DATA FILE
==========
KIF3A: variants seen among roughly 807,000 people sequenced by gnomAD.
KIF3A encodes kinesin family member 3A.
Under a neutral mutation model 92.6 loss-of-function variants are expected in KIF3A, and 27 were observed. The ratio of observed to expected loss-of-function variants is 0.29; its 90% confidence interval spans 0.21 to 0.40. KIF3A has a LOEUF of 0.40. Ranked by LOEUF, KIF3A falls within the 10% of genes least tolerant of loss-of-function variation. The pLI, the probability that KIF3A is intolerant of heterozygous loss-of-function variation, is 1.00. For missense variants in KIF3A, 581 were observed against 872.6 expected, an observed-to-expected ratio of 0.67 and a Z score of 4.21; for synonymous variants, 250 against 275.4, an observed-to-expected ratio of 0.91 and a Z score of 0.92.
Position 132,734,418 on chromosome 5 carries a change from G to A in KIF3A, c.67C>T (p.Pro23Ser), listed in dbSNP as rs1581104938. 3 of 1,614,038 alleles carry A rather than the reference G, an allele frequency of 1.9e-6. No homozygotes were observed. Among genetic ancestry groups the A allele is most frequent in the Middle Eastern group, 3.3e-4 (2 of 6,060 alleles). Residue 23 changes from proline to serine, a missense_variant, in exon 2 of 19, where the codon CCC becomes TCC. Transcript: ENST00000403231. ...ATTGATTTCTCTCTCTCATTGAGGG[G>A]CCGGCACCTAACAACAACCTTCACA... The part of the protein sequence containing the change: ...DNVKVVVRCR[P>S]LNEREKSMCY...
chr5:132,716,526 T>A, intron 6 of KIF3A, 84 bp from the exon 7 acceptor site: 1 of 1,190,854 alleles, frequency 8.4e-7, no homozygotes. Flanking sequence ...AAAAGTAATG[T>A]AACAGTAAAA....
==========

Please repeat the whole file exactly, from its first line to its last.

KIF3A: variants seen among roughly 807,000 people sequenced by gnomAD.
KIF3A encodes kinesin family member 3A.
Under a neutral mutation model 92.6 loss-of-function variants are expected in KIF3A, and 27 were observed. The ratio of observed to expected loss-of-function variants is 0.29; its 90% confidence interval spans 0.21 to 0.40. KIF3A has a LOEUF of 0.40. Ranked by LOEUF, KIF3A falls within the 10% of genes least tolerant of loss-of-function variation. The pLI, the probability that KIF3A is intolerant of heterozygous loss-of-function variation, is 1.00. For missense variants in KIF3A, 581 were observed against 872.6 expected, an observed-to-expected ratio of 0.67 and a Z score of 4.21; for synonymous variants, 250 against 275.4, an observed-to-expected ratio of 0.91 and a Z score of 0.92.
Position 132,734,418 on chromosome 5 carries a change from G to A in KIF3A, c.67C>T (p.Pro23Ser), listed in dbSNP as rs1581104938. 3 of 1,614,038 alleles carry A rather than the reference G, an allele frequency of 1.9e-6. No homozygotes were observed. Among genetic ancestry groups the A allele is most frequent in the Middle Eastern group, 3.3e-4 (2 of 6,060 alleles). Residue 23 changes from proline to serine, a missense_variant, in exon 2 of 19, where the codon CCC becomes TCC. Transcript: ENST00000403231. ...ATTGATTTCTCTCTCTCATTGAGGG[G>A]CCGGCACCTAACAACAACCTTCACA... The part of the protein sequence containing the change: ...DNVKVVVRCR[P>S]LNEREKSMCY...
chr5:132,716,526 T>A, intron 6 of KIF3A, 84 bp from the exon 7 acceptor site: 1 of 1,190,854 alleles, frequency 8.4e-7, no homozygotes. Flanking sequence ...AAAAGTAATG[T>A]AACAGTAAAA....